In this digital age where privacy is of the utmost importance, we are obligated to ensure that protecting our data is of top priority. After all, we can’t expect our data to be protected if we don’t take the necessary actions to protect it. Over the last couple of months, we’ve explored areas of concern for security and we’ve provided several tips so you can carry on with your work or personal life knowing that you and your data are safe. Today, we’re wrapping up our “Protect…” series by walking through 5 ways to protect your network, whether it be personal or for business.
Update Passwords Regularly
We’ve mentioned several times about the importance of having a good password, but it’s also worth mentioning that changing/updating your passwords regularly is a good idea. The general rule of thumb is to do this at least once every quarter, but the more often it changes, the more protected you can expect to be. If you do decide to change passwords more than once a quarter, make sure that you don’t do it too often so you and/or your employees don’t get too confused. If you are getting confused, it may be a good idea to start using a password manager. We recommend 1Password.
Regardless of how often you change your passwords, doing so promotes good health and helps prevent hackers from guessing your passwords that may protect sensitive information. Remember, changing your passwords only works as intended if you utilize good passwords from the get-go. A few tips:
- Don’t substitute common letters for symbols (i.e. replacing an “o” with a “0” is easier to guess than one may think)
- Don’t use easy to guess phrases or dates of birth
- A password should be a good combination of numbers, letters, and symbols
Turn Off Computers When They Are Not Being Used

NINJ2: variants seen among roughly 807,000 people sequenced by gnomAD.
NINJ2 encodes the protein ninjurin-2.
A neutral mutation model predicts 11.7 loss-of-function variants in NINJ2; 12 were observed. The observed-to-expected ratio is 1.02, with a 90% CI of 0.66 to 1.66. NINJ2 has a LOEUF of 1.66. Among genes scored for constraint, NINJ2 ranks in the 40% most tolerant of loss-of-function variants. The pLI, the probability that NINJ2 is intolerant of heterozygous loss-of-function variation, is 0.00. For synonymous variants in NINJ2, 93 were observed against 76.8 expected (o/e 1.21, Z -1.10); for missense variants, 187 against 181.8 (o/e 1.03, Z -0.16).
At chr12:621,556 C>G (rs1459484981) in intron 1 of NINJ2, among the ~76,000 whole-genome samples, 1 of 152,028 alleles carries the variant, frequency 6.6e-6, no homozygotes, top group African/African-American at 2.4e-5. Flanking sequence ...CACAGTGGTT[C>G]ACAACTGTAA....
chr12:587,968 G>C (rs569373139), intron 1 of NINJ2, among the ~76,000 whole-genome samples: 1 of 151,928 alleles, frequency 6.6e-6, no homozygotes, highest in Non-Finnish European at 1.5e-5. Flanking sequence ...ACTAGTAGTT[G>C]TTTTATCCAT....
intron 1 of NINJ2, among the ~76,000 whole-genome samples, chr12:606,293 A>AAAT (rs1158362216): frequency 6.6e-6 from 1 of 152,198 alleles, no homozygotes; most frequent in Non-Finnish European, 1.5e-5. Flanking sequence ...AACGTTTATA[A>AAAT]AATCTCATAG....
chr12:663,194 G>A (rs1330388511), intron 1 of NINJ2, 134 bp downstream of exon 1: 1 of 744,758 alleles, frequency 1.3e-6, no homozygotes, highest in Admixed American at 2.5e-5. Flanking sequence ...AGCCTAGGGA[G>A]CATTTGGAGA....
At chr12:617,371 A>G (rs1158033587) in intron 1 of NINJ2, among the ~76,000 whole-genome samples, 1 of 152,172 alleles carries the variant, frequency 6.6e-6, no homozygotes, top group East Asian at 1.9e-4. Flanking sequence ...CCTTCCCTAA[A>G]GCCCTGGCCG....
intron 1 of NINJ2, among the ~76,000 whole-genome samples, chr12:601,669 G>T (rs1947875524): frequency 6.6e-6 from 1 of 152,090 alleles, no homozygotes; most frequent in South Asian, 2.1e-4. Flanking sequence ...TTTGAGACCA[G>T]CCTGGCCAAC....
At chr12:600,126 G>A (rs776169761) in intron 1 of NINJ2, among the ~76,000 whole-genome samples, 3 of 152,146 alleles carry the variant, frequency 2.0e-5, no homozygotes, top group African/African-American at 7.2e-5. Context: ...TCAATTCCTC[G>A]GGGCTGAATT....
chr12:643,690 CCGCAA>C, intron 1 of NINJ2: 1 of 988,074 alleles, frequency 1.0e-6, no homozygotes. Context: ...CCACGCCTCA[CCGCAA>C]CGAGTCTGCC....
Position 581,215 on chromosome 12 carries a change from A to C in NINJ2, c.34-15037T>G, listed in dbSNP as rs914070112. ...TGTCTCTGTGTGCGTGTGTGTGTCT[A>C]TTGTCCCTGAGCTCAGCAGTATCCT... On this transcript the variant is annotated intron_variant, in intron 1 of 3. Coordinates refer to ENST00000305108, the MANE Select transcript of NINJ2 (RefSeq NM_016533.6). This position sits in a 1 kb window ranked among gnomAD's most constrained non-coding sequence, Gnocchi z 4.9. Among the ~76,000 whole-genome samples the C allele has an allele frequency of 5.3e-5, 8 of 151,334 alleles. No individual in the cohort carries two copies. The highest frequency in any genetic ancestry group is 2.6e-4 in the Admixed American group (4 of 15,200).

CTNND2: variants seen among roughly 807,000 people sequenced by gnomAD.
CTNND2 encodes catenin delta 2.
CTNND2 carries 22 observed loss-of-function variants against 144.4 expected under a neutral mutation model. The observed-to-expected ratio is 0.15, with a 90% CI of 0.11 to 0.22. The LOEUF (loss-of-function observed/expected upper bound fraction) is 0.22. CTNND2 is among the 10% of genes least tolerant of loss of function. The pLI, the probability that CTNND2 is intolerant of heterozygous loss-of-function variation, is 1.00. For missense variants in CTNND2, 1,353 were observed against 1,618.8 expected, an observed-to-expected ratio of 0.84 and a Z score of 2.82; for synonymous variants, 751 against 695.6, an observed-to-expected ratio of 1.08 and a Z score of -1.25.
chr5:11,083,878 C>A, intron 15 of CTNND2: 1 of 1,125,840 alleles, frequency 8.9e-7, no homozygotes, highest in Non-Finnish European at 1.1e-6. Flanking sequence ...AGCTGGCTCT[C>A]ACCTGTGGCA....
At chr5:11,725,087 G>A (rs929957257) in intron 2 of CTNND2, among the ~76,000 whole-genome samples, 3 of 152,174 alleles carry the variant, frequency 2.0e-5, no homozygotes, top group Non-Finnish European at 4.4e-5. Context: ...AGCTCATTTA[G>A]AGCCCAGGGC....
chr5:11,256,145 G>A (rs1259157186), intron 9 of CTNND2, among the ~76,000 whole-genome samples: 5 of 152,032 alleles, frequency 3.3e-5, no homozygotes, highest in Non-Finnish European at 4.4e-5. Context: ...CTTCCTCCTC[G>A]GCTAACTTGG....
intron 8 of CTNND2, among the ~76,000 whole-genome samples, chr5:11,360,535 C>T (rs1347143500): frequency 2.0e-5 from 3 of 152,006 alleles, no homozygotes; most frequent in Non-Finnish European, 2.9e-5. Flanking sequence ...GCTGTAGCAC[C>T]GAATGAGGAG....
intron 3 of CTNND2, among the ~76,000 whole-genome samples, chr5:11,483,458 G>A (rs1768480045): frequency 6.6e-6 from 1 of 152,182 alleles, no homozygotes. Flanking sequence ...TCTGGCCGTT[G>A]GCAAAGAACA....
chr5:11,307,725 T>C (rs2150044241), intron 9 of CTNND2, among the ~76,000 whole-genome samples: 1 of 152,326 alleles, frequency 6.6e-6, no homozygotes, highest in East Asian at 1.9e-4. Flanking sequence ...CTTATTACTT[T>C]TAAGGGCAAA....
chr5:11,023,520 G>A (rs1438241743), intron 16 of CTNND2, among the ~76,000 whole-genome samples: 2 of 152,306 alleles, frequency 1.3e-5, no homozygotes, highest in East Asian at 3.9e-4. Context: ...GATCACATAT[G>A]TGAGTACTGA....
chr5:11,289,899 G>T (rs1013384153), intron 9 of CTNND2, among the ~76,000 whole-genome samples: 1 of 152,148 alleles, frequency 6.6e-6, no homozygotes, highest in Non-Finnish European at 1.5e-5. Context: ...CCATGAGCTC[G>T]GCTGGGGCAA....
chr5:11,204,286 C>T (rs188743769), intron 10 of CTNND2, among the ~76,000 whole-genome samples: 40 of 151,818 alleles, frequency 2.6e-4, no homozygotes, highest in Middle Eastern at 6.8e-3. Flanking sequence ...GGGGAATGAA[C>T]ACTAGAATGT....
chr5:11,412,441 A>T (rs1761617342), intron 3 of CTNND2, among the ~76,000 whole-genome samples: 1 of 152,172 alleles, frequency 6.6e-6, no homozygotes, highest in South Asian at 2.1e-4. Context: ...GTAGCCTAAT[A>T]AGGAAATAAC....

This tip may be overlooked, but it is important that you understand it so that you can take action and do differently in the future. Keeping a computer on but idle means the network is still up and running, which makes the network more visible to hackers and makes it easier for them to hack if the network is still connected. Shutting down your device when it’s not in use limits the access of hackers to your network and can stop them in the act if they’re already connected.
Encrypt your Files and Data (When Necessary)
When you have sensitive data that needs to be sent or shared, encrypt it! If you encrypt everything, this can be an expensive and tedious process, which is why we recommend only encrypting the things that need to be encrypted. A strong encryption makes it virtually impossible (or, at least, close to impossible) for hackers to access your data. To see which sites are encrypted, look for a padlock icon in the address bar in your browser or check if the site begins in “https.”
When you’re ready to encrypt files on your mac, go to: Finder > Control + click the item you want to encrypt. Select “encrypt” from the menu. Then, create a password, and it’s done!
Filter Spam Emails
One of the most common ways a network becomes compromised is through phishing emails in which one clicks on a bad link. To prevent the likelihood of falling victim to a phishing attack, set up and utilize a spam filter in your email inbox. These settings vary a bit depending on which email provider you use, but they all do generally the same thing: they make it less likely that one of these phishing emails will make its way to your inbox (not impossible).
Protect Your Personal Devices
Prevent your network from being compromised by first protecting your personal devices! First, don’t leave bluetooth on when not in use – bluetooth hacking is a real thing. Protect yourself by simply leaving this feature off until you need it.
Additionally, don’t use unsecured public wifi. If you have no other option, use the unsecured wifi with a VPN, which provides an encrypted “tunnel” between you and a remote server so if anyone tries to spy on you, they can’t see your data (more on that here).
It’s always a good idea to change the passwords on your personal devices regularly, too. Make sure your passwords aren’t easy to guess, especially your wifi password!
Protecting a network may sometimes be more work than the steps listed above, but this list is a good starting point for taking action to secure your network. The more work you put in to protect your network from being hacked, the less likely it may be that your network gets hacked. The time and effort are clearly worth the relief and the safeguarding of your data.
If you’ve missed any of the previous installments of this series, check them out: